Looking for a real challenge? Try adding a second subwoofer to your home cinema setup...
I have yet another subwoofer-induced headache, and it's not from playing the opening sequence to The Expendables 2. Rather, it's from trying to get my noodle around a mind-bogglingly complex setup. You see, my period of single subwoofer purity has come to an end, with a second Velodyne DD18+ joining my system to capitalise on the new breed of 11.2-channel AV hardware.
Positioning the beast was not challenging, mentally at least. There was a suitable space to the right of the centre speaker mirroring the other DD18+ to the left. Yes, one should experiment with subwoofer placement for best sound but it’s a small room and life’s too short. Moreover, the Velodyne weighs more than 50kg, comes in a box that could double as a garden shed and had to be slipped into the house before my wife could complain.
The real challenge began at setup. The DD18+ comes with a mic and PC-based EQ software to tailor performance. It offers three methods of tweakery, from generating and measuring its own sweep tones and applying basic parametric EQ, to fully manual setup using a sweep tone generated by a CD in your BD player. The latter method measures your main speaker’s LF response at the same time to ensure the output of the sub is adjusted to give the flattest response of the overall AV system, not just the woofer on its own.
Yet the LFE feed may also contain main channel information, depending on the size of your speakers and crossover settings. It may be subject to EQ by your AVR, and may well be doubling up LF output if the AVR sub output is set to LFE+Main. If you have a system whereby the sub is also connected to the main power amplifiers at speaker level, to add low-frequency in-fill for stereo music, then things start to get really complex. Working this out for two subs gets into University Challenge territory. Should you EQ both subs together and apply an identical EQ map using Velodyne’s master and slave setup, or EQ each sub individually? The latter method would not take into consideration room interactions of the other woofer but would theoretically be more accurate for two-channel music, where left and right signals could be radically different.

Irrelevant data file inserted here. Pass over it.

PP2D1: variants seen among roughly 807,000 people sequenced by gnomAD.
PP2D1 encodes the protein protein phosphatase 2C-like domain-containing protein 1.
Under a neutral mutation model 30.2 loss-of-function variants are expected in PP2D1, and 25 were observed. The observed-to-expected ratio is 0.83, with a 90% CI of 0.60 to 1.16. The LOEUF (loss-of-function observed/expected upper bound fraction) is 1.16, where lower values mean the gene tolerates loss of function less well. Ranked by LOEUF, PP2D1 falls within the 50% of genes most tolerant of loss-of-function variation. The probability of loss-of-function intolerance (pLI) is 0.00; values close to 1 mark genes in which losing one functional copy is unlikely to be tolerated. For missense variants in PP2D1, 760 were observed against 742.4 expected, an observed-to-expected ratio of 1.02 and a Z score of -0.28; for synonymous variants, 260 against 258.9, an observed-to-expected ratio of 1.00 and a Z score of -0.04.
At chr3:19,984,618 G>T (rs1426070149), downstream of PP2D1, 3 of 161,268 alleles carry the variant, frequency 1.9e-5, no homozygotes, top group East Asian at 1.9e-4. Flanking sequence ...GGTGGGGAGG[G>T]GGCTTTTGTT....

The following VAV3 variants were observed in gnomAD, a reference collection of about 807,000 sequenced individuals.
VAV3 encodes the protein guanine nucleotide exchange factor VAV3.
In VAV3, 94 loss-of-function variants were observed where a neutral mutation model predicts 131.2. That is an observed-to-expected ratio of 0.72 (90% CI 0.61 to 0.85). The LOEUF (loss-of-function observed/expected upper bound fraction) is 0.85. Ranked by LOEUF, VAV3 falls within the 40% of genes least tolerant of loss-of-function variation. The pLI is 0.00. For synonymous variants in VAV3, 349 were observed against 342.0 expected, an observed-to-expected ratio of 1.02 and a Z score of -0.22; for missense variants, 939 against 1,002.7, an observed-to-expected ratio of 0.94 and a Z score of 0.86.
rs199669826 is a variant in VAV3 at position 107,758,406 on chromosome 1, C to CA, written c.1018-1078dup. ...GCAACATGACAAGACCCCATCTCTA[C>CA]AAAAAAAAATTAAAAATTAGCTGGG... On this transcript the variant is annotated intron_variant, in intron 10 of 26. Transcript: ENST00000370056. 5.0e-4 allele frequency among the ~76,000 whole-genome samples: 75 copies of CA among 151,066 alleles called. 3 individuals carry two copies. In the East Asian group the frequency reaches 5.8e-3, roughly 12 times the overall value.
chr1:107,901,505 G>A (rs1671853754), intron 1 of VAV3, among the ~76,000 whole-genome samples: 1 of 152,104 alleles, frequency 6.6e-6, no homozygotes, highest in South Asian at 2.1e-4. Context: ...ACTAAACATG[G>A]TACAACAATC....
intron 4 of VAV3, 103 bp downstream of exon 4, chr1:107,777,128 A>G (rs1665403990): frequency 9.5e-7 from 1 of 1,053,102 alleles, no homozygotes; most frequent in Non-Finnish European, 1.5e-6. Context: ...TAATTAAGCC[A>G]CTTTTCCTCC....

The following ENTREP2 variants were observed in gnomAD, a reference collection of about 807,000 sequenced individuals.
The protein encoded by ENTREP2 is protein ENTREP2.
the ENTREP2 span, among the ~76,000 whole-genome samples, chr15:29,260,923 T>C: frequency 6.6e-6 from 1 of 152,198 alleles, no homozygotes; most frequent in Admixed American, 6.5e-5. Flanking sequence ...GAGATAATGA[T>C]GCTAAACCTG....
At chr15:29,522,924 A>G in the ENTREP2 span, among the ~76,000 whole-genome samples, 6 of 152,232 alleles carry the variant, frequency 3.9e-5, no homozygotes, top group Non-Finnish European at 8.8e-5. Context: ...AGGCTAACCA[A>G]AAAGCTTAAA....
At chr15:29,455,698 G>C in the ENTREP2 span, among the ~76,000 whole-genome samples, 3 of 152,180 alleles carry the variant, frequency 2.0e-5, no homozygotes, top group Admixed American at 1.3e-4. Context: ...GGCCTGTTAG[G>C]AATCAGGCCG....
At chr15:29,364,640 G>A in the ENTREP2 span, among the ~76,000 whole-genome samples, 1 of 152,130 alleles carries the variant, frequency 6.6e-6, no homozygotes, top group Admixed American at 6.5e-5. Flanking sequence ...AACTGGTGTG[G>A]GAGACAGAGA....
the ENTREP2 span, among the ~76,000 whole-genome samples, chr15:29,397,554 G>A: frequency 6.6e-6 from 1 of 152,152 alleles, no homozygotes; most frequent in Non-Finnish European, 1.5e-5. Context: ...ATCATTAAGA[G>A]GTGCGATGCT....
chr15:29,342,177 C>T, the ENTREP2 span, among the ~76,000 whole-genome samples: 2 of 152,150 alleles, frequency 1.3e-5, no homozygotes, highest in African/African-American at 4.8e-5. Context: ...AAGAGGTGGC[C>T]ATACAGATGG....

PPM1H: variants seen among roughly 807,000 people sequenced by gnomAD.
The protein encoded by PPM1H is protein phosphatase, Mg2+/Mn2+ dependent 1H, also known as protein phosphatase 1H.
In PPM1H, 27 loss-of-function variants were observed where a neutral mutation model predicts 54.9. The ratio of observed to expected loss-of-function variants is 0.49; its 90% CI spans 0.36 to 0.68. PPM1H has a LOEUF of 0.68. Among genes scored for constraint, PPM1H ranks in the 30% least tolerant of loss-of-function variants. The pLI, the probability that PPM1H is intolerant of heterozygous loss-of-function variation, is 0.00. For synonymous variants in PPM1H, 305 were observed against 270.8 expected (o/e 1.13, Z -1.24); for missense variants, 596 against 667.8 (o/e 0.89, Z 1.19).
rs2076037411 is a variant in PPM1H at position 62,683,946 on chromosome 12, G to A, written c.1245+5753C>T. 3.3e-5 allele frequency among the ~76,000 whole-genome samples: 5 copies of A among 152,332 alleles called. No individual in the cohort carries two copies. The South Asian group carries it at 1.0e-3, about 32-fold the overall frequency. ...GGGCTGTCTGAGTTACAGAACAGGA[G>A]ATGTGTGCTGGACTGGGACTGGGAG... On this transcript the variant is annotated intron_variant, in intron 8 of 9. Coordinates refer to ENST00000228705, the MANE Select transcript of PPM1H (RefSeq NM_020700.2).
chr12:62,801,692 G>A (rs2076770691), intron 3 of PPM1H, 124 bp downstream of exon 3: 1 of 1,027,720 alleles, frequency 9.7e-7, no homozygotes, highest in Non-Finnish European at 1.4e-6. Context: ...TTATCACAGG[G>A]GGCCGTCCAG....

After that you have six pre-sets that can be given unique EQ maps, each with eight filters that are all adjustable for frequency, gain and bandwidth. On top of that you have about a dozen user-adjustable parameters, from the frequency and slope of the lowpass filter to the degree Velodyne’s digital servo system is used to control the cone movement. Just to make it really tricky, the user manuals are awful.
So it's been a learning curve - with really steep bits - and I'm still not convinced I have achieved the ideal setup, despite trying countless methods. Best so far has been achieved by running simultaneous setup with a laptop connected to each Velodyne.
A third laptop is used to log all the results for comparison, making the whole process look a bit mad scientist with a hint of nerd. Still, many lessons have been learned, the key one being, ‘wear ear defenders’ – I pressed play on the 10Hz-200Hz sweep CD without checking the volume was turned down and the 15-second blast of sonic devastation was epic. Hitting stop was followed by stunned silence, then an irate voice shouting from the smallest room upstairs: 'For God’s sake Richard, I thought the toilet was exploding!' My new subwoofer purchase had been rumbled.
Have you fine-tuned your subwoofer's output?
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